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history of the people of God, he comes to the im mediate object of his message, the Saviour Jesus Christ. He shews them that God had promised such a Saviour, a fact of which they could scarcely be ignorant, for it was universally the avowed expectation of the people of Israel. This Saviour is repeatedly declared to them in their Scriptures as one who was to save them from their sins, both to justify and acquit them from the guilt of sin, and to sanctify and deliver them from the power of sin.
He points them to Jesus as this Saviour. He states the fact of his being preceded by John as a messenger and forerunner; of his condemnation and his guiltless death; of God having raised him from the dead; and he refers to the Scriptures in proof of the prophetic statements made in them on these several points; enlarging especially on the fact of the resurrection of Jesus Christ from the dead, and the previous declaration of that fact by the inspired prophets of the Jewish church. "We declare unto you," he says in verse 32, glad tidings, how that the promise which was made unto the fathers, God hath fulfilled the same unto us their children, in that he hath raised up Jesus again." This is the main point of the apostle's statement-the resurrection of Jesus, after crucifixion, death, and burial, according to prophecy; and on that fact, as the fulfilment of prophecy, he grounds the claim which he advances for Jesus Christ to be considered the promised Saviour.
This was a point open to examination by his auditors. They might ascertain what the prophets had said; and they might easily certify themselves of the well-known and well-authenticated fact of the resurrection of the crucified Jesus. But the apostle regarding these two points as established beyond all question, and regarding this predicted deviation from the order of nature as fulfilled in Jesus Christ, announces this Jesus as the fulfilment of the promises, as the Saviour whom the eternal Jehovah was to send into the world, the salvation which he had graciously purposed and executed for guilty and lost mankind. And he thus places this provided salvation before them :"Be it known unto you, therefore, men and brethren, that through this man is announced unto you the forgiveness of sins; that is, the resurrection of Jesus Christ from the dead, his " loosing the bands of death," is the annunciation to you of the forgiveness of sins; and men are authorised to look on the resurrection of the Saviour from the dead according to prophecy, as the sign of the accomplishment of that salvation for mankind from sin and death which God had promised. As St Paul says elsewhere, "Christ was delivered for our offences, and raised again for our justification” or acquittal; so he said on this occasion, the deliverance of this man from the bands of death, is the proof of his having accomplished that salvation which in the purpose of God he came to accomplish.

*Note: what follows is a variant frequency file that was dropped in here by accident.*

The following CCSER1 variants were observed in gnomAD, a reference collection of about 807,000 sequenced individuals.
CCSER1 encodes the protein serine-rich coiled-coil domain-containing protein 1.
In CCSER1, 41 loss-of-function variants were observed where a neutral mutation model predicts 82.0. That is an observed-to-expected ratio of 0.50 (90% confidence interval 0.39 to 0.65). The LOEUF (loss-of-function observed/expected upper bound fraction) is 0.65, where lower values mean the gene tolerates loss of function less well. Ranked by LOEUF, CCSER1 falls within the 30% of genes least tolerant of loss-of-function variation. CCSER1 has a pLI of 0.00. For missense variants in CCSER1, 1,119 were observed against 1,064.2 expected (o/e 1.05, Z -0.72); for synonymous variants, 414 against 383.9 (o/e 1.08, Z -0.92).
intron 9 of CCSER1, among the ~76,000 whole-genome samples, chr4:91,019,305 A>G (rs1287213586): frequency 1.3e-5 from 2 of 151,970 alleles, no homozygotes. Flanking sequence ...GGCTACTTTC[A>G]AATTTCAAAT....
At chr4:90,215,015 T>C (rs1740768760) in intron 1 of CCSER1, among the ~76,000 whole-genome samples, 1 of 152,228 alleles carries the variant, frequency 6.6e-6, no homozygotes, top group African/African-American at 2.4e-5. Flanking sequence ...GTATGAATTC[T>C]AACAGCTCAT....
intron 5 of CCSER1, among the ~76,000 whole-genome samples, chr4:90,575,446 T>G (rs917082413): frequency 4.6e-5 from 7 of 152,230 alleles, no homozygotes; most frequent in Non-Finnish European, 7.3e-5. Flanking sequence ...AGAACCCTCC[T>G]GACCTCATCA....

The prophetic testimony in the earlier Scriptures was, that he was to bear the iniquities of men; that he was to be "wounded for our transgressions, and bruised for our iniquities;" that "he was to bear our iniquities." Now had he failed to bear them, so as to make an atonement for them; had he not succeeded in accomplishing a reconciliation for them, he would like any other man have lain under the power of death, and would have seen corruption. But as he was raised from the dead, according to the predicted purpose of God, and saw no corruption, that resurrection, that emancipation from the iron grasp of death, was the proof of his success in the work which he had undertaken. It was a proof that he had effectually put away the sin which he bore, that in Jesus Christ sin was forgiven, and that against man, in his representative and Saviour-the sinless and suffering Jesus-death had no power. It had no power, because according to the terms of the eternal covenant of grace, the law had been satisfied in the suffering Surety, and the sin of the guilty race had been forgiven.